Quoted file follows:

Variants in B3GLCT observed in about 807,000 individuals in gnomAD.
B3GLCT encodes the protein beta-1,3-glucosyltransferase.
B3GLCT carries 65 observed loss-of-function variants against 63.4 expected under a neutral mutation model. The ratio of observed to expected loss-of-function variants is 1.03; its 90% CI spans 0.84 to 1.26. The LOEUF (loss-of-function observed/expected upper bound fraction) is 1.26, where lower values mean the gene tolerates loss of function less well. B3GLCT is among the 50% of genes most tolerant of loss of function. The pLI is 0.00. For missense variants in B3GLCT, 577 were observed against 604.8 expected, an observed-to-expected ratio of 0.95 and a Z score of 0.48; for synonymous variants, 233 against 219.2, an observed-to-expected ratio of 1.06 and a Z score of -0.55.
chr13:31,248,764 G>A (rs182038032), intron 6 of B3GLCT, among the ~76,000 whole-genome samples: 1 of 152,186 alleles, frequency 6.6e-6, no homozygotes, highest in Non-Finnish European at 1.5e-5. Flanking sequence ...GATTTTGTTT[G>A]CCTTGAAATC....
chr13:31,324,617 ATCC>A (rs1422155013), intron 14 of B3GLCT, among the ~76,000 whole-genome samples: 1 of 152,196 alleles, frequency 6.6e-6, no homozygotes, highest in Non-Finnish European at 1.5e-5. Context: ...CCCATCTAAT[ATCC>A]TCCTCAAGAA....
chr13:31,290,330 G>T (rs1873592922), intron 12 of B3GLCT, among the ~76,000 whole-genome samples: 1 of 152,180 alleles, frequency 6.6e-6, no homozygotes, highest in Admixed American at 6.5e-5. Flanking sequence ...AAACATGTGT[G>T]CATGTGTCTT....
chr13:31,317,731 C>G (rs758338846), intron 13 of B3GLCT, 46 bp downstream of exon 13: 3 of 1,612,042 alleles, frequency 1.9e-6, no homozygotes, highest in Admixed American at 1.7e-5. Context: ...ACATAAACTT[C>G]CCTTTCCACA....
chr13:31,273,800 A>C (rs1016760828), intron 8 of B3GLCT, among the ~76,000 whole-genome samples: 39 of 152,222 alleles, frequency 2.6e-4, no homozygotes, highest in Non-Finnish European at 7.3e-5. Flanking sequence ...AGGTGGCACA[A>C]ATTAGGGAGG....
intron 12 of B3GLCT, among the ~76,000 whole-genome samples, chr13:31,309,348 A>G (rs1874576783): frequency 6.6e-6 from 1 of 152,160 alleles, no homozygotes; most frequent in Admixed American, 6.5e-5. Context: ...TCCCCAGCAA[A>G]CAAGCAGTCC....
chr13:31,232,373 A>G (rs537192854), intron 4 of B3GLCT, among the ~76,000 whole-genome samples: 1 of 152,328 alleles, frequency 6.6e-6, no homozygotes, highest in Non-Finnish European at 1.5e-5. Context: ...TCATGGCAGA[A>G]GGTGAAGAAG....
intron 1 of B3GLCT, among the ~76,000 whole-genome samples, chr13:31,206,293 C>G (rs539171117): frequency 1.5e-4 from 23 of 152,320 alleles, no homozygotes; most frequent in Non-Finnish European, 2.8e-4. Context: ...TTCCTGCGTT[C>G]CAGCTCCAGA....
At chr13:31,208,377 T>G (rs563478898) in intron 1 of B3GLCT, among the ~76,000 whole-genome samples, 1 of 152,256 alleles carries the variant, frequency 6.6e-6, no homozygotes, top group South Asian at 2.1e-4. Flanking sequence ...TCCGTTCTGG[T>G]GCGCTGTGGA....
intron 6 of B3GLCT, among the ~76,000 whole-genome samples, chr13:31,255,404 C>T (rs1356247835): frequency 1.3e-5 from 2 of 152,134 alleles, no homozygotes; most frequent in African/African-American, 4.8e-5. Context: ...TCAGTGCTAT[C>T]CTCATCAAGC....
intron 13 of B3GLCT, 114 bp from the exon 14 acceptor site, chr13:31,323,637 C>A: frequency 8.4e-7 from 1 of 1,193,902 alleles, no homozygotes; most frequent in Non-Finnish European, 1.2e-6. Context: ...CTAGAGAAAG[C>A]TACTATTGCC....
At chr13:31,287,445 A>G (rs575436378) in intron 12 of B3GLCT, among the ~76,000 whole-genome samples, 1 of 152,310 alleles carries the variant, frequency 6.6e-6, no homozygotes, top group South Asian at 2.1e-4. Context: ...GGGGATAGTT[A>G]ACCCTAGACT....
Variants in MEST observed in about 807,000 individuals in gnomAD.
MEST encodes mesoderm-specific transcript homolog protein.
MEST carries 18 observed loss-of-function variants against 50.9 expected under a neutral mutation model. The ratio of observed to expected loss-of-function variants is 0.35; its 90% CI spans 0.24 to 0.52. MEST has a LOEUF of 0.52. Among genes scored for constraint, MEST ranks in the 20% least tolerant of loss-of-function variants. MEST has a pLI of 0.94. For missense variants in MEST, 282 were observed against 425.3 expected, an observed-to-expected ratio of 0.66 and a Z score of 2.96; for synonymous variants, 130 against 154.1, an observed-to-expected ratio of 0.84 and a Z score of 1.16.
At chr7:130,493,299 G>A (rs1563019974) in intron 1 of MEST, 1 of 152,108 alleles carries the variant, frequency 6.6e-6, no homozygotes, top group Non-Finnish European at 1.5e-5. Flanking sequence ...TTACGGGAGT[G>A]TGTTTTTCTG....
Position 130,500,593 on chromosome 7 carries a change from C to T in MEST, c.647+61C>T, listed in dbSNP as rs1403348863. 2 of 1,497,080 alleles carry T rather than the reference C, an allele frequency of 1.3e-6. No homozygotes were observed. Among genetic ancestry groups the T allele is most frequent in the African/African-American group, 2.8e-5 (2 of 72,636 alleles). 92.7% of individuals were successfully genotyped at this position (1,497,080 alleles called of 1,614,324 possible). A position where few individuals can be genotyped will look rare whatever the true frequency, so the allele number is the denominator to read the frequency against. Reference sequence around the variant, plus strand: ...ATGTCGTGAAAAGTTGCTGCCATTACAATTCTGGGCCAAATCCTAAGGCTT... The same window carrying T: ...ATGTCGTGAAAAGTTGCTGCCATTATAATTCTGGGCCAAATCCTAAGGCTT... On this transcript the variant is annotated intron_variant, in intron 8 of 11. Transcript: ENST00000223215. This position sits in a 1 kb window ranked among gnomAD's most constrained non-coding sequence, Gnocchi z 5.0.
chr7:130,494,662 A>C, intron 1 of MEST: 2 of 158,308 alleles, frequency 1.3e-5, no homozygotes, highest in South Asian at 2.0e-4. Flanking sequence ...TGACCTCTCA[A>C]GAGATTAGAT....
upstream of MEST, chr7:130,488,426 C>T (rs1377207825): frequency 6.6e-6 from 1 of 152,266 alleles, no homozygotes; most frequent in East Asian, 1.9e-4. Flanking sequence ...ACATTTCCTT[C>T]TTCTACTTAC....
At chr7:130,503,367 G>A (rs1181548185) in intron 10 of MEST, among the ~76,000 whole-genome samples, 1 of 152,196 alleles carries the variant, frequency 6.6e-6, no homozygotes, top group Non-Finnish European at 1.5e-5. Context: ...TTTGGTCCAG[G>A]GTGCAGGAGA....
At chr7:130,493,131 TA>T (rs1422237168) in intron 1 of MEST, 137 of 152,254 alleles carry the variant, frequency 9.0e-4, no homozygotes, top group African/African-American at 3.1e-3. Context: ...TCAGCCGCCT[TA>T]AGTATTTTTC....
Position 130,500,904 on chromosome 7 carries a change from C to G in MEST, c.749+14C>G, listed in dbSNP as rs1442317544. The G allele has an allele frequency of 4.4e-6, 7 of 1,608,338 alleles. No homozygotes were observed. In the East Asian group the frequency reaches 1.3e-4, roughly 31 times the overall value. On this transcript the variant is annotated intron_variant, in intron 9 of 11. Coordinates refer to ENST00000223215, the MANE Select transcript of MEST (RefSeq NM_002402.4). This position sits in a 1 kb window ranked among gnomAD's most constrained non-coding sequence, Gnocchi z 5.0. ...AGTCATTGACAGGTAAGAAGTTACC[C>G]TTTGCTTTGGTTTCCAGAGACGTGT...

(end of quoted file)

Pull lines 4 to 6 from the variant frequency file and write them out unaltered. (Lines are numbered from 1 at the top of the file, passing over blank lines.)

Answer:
chr13:31,248,764 G>A (rs182038032), intron 6 of B3GLCT, among the ~76,000 whole-genome samples: 1 of 152,186 alleles, frequency 6.6e-6, no homozygotes, highest in Non-Finnish European at 1.5e-5. Flanking sequence ...GATTTTGTTT[G>A]CCTTGAAATC....
chr13:31,324,617 ATCC>A (rs1422155013), intron 14 of B3GLCT, among the ~76,000 whole-genome samples: 1 of 152,196 alleles, frequency 6.6e-6, no homozygotes, highest in Non-Finnish European at 1.5e-5. Context: ...CCCATCTAAT[ATCC>A]TCCTCAAGAA....
chr13:31,290,330 G>T (rs1873592922), intron 12 of B3GLCT, among the ~76,000 whole-genome samples: 1 of 152,180 alleles, frequency 6.6e-6, no homozygotes, highest in Admixed American at 6.5e-5. Flanking sequence ...AAACATGTGT[G>T]CATGTGTCTT....